Dr Welby Ings
The power of Viruses: Teaching as productive subversion.
In 1975 Donald Campbell, the American social psychologist and philosopher, made a frightening observation that became known as Campbell’s Law. He noted,
'the more any quantitative social indicator is used for social decision-making, the more subject it will be to corruption pressures and the more apt it will be to distort and corrupt the social processes it is intended to monitor.'
Put simply ... he said this, ‘If you set up fixed measurements for a social agent like education, people within the system will begin to corrupt it so it works to their advantage.’ For Art and Design educators this poses a fundamental problem. Assigned the task of developing creative thinking in students, we often find ourselves sidelining risk taking and discovery in favour of templated approaches. These produce outcomes that neatly map onto exemplars or tick the boxes associated with pre-imagined descriptions of learning. Achieving grades becomes a concern of greater immediacy than developing the disobedient thinking that leads to higher and more profound levels of discovery. Paradoxically however, it is this propensity to disobey and innovate that universities and polytechnics seek in applicants. They search for evidence of the ability to solve problems in unique ways, to risk and fail, to discover from failure, and to trade beyond the experience of the teacher, the ‘marker’, and the self.
Using examples of student’s artistic research and recent challenges to the New Zealand’s model of evidence-based, grade accrual, the address argues against the micro managing of teachers and their students. It advocates higher levels of trust in professionalism and suggests that productively subversive approaches to learning adopted by certain Art teachers, are in fact what enable their students to attain high levels of success in tertiary education.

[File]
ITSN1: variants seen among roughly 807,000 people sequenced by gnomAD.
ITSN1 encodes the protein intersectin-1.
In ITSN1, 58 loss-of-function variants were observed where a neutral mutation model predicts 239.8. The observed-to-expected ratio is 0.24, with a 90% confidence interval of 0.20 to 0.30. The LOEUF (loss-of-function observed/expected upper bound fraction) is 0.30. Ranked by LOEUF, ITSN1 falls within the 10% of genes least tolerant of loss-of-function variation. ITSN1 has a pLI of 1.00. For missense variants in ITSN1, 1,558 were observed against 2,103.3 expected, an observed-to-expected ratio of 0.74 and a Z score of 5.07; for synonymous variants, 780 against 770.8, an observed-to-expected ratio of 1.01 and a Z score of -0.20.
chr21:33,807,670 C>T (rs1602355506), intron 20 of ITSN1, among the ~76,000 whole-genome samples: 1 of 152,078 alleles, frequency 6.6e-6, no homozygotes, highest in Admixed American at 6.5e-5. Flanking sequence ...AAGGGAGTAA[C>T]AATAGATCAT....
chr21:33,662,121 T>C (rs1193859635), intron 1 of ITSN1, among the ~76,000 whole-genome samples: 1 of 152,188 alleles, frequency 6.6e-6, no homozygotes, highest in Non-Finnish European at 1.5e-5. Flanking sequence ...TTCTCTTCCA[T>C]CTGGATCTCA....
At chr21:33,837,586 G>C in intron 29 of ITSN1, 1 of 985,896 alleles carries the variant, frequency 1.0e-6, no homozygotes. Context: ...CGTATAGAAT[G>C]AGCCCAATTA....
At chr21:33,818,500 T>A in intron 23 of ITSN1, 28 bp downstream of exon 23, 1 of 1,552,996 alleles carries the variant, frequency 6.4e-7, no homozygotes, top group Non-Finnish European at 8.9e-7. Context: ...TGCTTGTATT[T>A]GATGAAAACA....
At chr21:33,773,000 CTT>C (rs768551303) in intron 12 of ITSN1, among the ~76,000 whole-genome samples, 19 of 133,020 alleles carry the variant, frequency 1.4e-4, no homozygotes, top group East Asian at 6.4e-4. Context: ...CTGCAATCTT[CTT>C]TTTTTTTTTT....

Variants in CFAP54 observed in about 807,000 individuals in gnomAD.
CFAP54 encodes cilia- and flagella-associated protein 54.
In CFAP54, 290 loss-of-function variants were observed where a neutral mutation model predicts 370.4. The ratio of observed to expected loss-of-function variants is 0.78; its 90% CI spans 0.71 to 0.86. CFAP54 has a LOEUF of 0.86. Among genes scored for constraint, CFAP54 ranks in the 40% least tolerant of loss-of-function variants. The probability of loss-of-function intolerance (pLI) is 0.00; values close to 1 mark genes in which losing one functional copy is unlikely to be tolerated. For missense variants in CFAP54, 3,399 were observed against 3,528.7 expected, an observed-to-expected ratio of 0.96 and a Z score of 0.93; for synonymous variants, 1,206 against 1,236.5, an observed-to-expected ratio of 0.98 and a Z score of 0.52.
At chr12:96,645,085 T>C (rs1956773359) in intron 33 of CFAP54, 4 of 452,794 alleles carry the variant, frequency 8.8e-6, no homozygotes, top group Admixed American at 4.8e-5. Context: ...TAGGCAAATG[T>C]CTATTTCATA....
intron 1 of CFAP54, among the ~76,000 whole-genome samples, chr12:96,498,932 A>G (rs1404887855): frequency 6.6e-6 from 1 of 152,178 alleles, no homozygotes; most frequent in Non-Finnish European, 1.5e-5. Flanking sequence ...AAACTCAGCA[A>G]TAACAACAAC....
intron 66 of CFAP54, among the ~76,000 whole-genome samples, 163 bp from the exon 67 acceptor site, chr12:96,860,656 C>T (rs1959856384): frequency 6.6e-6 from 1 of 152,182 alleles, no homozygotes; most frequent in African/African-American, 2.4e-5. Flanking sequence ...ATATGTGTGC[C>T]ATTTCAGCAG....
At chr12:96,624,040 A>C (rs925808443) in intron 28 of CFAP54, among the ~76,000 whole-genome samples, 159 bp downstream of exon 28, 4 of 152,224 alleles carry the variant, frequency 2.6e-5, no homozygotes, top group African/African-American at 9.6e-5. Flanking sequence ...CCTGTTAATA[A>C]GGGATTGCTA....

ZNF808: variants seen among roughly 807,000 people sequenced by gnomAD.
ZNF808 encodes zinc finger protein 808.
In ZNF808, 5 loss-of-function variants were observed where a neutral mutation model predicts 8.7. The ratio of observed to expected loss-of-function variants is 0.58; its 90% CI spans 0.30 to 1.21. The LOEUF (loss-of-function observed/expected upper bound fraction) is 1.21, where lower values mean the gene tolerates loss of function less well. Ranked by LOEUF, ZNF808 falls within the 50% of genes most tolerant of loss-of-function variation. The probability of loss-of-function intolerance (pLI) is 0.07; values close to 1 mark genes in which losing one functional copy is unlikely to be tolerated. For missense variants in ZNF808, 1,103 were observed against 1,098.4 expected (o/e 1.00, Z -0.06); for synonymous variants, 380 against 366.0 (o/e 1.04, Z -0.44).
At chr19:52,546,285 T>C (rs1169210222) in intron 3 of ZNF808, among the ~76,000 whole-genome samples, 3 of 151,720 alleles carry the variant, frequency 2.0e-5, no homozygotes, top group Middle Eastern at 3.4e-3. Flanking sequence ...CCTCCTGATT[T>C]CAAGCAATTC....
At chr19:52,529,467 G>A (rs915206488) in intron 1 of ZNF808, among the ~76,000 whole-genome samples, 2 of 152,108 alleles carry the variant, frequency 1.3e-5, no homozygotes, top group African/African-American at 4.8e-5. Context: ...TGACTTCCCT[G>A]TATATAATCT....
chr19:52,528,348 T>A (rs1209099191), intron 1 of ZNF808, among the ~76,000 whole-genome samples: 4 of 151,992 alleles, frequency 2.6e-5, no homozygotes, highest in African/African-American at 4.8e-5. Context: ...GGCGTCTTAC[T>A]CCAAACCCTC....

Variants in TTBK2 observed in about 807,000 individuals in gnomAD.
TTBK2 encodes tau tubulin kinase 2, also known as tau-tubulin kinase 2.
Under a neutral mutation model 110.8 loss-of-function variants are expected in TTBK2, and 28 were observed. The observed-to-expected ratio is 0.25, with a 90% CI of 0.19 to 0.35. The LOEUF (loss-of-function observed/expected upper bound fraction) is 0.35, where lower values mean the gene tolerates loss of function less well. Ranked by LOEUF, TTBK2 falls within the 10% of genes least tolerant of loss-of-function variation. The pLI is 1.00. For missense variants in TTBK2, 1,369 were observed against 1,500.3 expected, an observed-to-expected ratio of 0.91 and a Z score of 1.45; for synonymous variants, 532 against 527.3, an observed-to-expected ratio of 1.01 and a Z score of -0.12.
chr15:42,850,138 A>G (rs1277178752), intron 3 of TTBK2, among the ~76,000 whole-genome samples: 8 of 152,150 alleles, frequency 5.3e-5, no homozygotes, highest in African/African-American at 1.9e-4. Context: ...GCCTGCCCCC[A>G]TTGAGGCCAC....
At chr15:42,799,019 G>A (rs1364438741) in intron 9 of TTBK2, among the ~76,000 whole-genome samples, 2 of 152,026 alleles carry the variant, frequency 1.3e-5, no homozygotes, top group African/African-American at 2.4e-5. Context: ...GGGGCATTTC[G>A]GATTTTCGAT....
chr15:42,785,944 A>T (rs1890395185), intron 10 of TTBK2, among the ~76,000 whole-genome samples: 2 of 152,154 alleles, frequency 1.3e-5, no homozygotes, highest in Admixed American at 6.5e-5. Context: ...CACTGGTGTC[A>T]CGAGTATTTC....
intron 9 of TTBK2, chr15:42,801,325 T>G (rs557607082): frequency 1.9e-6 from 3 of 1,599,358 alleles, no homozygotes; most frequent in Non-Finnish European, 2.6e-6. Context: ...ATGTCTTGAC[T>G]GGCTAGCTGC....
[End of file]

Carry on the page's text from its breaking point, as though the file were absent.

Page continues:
Welby Ings is a Professor in Design at Auckland University of Technology in New Zealand. He is an elected Fellow of the British Royal Society of Arts and has been a consultant to many international organisations on issues of creativity and learning.
He is an award winning designer and illustrator, and his short films have garnered numerous international awards.
Welby has written and spoken extensively on Art & Design education, learning and the power of disobedient thought. In March of this year Otago University Press published his critical book Disobedient Teaching.
Welby has supervised over 80 postgraduate theses in Art and Design and is an international examiner in the same discipline. In 2001 he was awarded the Prime Minister’s inaugural, Supreme Award for Tertiary Teaching Excellence and in 2014 he was awarded the AUT University medal for his contributions to research and creative teaching.